The National Treasury is in the market seeking Sh50 billion from the sale of three reopened bonds this month.
The bonds on auction are a three-year, 10-year bond and a 20-year paper which were first auctioned earlier on different dates. The three-year bond was first sold in April when its coupon (interest) rate was recorded at 11.76 percent.
The 10-year security was initially auctioned in 2019 when its average rate came in at 12.3 percent.
The 20-year paper first set a coupon rate of 13.44 percent last year.
The three securities are on sale until August 16. The shorter-dated paper has 2.7 years to maturity, while the 10- year and the 20-year bonds have 6.7 years and 19.1 years to redemption respectively.
Last month, the National Treasury exceeded its target for the Sh60 billion bond auction by taking up an extra Sh19.9 billion in the first bond sale of the new fiscal year, taking advantage of high investor appetite for the offer that was sold amid ample liquidity in the market.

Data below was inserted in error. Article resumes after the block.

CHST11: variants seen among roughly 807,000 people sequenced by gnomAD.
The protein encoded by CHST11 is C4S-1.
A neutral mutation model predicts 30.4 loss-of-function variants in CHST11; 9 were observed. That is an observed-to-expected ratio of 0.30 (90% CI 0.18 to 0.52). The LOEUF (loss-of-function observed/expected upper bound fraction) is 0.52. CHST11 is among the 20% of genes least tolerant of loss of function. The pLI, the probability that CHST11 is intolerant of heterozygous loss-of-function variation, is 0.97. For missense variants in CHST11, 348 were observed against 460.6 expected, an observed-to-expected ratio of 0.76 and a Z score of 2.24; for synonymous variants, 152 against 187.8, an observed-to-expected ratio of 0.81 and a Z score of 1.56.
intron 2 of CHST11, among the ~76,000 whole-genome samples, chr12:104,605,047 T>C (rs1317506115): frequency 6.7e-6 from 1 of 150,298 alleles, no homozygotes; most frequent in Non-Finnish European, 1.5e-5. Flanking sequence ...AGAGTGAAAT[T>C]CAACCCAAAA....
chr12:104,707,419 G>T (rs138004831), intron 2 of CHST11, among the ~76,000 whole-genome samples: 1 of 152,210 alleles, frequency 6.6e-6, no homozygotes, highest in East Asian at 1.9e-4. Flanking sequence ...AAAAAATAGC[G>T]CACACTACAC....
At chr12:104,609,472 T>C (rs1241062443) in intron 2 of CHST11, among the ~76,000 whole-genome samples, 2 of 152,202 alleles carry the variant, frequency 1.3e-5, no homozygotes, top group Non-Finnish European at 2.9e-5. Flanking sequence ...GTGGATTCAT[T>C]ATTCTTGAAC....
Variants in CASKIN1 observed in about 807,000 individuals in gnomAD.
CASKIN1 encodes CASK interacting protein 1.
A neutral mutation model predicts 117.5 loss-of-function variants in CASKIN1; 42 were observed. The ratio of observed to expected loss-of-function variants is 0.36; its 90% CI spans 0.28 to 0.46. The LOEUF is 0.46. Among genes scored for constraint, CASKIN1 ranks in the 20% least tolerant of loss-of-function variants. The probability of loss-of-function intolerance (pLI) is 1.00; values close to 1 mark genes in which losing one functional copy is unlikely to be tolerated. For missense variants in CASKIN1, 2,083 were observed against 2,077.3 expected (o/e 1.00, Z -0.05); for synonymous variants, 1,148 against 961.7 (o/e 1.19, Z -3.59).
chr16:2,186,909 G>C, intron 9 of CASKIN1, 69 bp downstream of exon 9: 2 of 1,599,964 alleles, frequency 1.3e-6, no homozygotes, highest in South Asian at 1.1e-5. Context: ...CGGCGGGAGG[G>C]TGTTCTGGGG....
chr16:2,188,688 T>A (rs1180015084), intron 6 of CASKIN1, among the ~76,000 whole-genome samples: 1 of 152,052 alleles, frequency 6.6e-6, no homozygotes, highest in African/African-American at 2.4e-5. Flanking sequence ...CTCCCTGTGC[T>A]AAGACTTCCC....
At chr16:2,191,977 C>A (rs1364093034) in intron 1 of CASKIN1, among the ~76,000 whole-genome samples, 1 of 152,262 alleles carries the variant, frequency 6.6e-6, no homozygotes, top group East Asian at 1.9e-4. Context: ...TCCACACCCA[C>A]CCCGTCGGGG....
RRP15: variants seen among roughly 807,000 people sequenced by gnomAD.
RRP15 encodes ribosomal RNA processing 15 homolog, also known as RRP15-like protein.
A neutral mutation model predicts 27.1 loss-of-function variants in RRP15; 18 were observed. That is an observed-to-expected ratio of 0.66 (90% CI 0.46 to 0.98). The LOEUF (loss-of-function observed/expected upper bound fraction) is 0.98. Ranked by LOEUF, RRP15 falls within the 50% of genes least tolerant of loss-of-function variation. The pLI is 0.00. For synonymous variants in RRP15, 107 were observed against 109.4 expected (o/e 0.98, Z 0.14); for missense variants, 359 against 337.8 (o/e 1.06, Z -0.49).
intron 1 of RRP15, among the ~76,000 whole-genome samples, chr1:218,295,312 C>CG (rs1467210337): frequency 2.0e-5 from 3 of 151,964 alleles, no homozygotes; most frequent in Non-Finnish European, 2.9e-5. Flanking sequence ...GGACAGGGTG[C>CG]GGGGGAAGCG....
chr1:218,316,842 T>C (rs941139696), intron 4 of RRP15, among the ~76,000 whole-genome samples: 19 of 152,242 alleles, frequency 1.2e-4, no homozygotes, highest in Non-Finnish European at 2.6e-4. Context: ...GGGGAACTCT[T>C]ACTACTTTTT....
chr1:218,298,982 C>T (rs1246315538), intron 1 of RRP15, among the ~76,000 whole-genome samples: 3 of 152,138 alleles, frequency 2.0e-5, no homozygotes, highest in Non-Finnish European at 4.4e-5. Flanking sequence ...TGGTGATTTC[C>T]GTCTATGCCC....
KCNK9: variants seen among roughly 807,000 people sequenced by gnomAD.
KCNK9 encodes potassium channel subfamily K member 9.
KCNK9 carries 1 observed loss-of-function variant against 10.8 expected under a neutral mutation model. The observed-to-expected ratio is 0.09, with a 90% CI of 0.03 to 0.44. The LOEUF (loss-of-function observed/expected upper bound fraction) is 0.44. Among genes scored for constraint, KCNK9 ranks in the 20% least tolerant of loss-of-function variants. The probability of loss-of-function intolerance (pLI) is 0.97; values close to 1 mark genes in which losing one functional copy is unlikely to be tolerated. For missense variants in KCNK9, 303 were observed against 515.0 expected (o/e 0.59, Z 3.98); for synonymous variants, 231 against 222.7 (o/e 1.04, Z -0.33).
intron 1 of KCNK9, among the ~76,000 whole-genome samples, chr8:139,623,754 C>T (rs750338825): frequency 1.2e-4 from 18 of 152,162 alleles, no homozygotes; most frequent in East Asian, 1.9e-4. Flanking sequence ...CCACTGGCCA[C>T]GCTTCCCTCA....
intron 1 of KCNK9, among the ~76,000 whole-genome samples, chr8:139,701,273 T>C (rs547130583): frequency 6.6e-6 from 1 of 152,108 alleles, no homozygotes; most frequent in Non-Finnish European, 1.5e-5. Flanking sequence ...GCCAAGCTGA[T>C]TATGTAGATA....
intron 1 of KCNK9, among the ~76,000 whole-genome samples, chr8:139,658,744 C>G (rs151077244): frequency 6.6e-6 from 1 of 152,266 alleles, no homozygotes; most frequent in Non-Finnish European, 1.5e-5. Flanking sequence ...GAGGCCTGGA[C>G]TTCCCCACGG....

The new auction comes a week before the general election on August 9, an event that has seen increased investments in safer and liquid assets such as fixed bank deposits and government debt securities as investors adopt a wait-and-see stance.
Major investors in treasuries have been pushing for higher rates amid rising inflation and the weakening of the shilling against major world currencies.
The cost of living measure rose to 8.3 percent last month, driven by escalating prices of food and transport services. Inflation is the biggest threat for fixed income investors, eroding the value of the interest they receive over the period during which they hold the assets.
Institutional investors led by banks, pension funds, and insurers have higher bargaining power and usually state the interest they want to be paid, while most small investors typically settle for the market average.
The market average is largely influenced by the bids from the big investors who dominated the treasuries market.